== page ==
This is a “hands-in” slime that seems to be both liquid and solid. The cornstarch and water mix creates a substance that can be hard when you squeeze it in your hands and an ooz- ing liquid mud when you release it. Adding color makes it even more interesting.
It was a big relief when it fell off!
I was doing this activity with a particularly energetic group of six- and seven-year-olds. They loved the “slime that is both a liquid and a solid”; the cool colors, the textures and the ooze thrilled them all. In their enthusiasm, the children had spread the mix over a large part of their bodies and clothing. As the activity wound down, my biggest concern was keep- ing the mess out of the indoor classroom; secondarily, I thought about their parents’ car upholstery. Before going inside, we went to the play yard and began a game. The cornstarch began to dry and completely fell off the children and their clothing! I follow each cornstarch slime session with outdoor play and have not been afraid of cornstarch mess since.
Cornstarch * Food coloring * Mixing bin * Water
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1. Put the cornstarch in the bowl or bin.
2. Add several drops of coloring.
3. Stir water a little at a time until your mix is no longer powdery. It is a delicate balance between too much water and too little. Start with one cup of water for 16 ounces of cornstarch and then go from there.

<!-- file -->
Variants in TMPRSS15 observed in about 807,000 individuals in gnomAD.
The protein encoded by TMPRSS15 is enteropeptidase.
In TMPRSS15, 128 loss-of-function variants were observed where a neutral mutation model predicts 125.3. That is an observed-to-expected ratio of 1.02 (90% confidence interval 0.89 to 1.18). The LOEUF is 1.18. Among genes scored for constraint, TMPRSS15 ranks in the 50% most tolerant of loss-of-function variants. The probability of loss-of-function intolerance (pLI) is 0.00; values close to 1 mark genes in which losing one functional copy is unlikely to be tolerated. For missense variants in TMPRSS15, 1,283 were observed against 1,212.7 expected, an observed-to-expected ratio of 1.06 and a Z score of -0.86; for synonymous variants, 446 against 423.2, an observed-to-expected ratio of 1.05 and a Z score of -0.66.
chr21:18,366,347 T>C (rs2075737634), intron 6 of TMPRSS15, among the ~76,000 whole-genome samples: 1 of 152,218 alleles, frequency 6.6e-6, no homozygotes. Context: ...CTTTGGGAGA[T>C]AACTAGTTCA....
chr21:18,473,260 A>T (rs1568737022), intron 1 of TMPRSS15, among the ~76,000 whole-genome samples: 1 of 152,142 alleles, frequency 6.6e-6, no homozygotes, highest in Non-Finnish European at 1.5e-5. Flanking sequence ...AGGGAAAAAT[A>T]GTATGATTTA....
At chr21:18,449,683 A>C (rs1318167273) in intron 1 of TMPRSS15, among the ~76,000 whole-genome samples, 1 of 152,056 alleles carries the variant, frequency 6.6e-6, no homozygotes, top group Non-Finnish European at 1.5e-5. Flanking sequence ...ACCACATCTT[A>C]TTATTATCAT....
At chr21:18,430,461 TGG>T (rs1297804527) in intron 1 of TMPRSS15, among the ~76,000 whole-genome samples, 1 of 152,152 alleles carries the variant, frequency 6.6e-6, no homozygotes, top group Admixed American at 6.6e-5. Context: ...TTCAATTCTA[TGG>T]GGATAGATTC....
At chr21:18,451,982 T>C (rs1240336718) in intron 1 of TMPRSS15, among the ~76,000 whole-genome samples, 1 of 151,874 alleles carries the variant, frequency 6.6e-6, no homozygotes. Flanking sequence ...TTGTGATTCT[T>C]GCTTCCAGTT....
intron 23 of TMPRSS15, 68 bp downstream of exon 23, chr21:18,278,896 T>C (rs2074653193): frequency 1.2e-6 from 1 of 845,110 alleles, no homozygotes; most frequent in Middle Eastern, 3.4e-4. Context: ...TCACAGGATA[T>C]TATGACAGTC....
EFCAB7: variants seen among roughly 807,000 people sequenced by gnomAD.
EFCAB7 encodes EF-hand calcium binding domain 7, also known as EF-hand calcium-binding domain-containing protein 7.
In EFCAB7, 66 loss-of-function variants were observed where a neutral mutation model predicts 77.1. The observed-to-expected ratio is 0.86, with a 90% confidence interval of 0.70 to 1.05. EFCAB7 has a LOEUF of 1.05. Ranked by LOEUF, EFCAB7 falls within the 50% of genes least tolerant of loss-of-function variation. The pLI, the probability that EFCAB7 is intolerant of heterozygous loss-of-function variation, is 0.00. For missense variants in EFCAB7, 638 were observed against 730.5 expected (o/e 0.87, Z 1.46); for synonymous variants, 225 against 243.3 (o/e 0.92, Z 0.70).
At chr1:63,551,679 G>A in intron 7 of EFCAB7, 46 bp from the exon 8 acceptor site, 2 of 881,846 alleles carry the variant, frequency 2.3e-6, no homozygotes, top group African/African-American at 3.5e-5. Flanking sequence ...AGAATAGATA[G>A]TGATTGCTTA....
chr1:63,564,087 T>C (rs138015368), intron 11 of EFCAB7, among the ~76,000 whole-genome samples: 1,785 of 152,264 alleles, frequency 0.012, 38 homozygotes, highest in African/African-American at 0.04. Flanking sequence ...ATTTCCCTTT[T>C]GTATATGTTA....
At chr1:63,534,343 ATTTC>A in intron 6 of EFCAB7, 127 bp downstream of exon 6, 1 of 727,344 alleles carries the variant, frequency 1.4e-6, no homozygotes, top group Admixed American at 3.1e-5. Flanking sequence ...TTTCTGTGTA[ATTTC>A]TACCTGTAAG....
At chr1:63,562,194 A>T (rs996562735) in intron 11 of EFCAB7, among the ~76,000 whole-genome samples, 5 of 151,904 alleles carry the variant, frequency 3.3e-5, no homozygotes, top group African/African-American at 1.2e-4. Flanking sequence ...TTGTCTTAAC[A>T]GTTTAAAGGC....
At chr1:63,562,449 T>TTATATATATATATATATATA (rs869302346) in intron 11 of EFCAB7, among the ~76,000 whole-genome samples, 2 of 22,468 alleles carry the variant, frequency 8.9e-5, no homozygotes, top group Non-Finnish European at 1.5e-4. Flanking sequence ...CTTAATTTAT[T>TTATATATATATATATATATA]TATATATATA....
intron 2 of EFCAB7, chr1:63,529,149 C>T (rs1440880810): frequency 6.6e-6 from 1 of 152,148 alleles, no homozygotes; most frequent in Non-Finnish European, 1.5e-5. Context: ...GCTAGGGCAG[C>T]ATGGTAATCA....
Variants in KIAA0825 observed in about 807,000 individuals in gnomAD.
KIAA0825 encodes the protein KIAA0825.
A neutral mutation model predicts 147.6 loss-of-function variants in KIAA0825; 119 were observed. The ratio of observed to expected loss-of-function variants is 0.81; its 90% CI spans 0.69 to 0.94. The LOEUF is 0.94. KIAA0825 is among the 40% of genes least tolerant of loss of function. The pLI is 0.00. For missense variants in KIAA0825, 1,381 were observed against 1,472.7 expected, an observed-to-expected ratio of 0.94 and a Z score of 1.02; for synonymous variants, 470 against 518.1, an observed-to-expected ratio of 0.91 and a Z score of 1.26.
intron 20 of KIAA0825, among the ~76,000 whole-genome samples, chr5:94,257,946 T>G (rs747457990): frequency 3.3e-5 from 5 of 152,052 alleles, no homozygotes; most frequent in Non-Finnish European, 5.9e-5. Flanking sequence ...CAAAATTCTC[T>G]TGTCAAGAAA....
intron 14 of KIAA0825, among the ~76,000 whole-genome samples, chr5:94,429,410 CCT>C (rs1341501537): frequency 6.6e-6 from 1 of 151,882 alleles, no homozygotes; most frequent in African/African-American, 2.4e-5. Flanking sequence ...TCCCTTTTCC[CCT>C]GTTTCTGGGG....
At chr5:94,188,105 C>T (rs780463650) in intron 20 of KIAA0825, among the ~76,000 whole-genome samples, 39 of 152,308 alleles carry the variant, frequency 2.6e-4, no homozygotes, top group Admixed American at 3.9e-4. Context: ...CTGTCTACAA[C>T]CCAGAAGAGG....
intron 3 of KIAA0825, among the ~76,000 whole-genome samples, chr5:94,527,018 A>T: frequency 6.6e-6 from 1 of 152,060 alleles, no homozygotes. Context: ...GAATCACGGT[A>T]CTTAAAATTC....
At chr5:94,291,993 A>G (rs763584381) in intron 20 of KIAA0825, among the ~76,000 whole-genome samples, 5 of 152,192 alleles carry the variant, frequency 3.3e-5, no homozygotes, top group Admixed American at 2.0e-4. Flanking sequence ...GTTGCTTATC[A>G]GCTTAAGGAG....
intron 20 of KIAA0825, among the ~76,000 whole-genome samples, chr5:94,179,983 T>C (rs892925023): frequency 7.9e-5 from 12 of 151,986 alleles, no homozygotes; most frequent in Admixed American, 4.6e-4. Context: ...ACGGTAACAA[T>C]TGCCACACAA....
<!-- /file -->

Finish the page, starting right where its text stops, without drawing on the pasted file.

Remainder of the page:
4. Play with the mixture; see that it is solid when you squeeze it and an oozing liquid when you let it flow.
How to present it to your group:
1. Set up several bowls or bins with cornstarch; have one bin for every 4-6 students.
2. Use approximately 16 ounces of cornstarch for every 6 students.
3. Set up buckets or bins of water for students to rinse off the cornstarch. This keeps everybody from using the sink and dripping on the floor.
4. Color each bin differently so students can move from bin to bin.
5. Explain how exciting it is to have slime that is both a liquid and a solid. Talk about the reasons for the suspen- sion mix. Remind them that cornstarch is in a lot of the food they eat.
6. As students rinse their hands in the bucket and then go back to the cornstarch bins, the mix gets watery. Have some extra cornstarch available to replenish the slime.
The cornstarch molecules (solids) are suspended in the water (liquid) much like quicksand. The cornstarch molecules slide by each other when you drip them like a liquid. When you tighten your hand on them, they clump together and feel solid.
Preschool science version: Mixing, demonstration and explanation take about 5 minutes. Playing with the slime takes anywhere from 15 to 30 minutes.
Cornstarch and water slime is an engaging textural and tactile experience for preschool students. Divide your class into groups of four and give each group their own bin of slime so that everyone feels it and comments together. This can be done indoors and outdoors but is easier to clean up outside.
Suspension, molecules, liquid, solid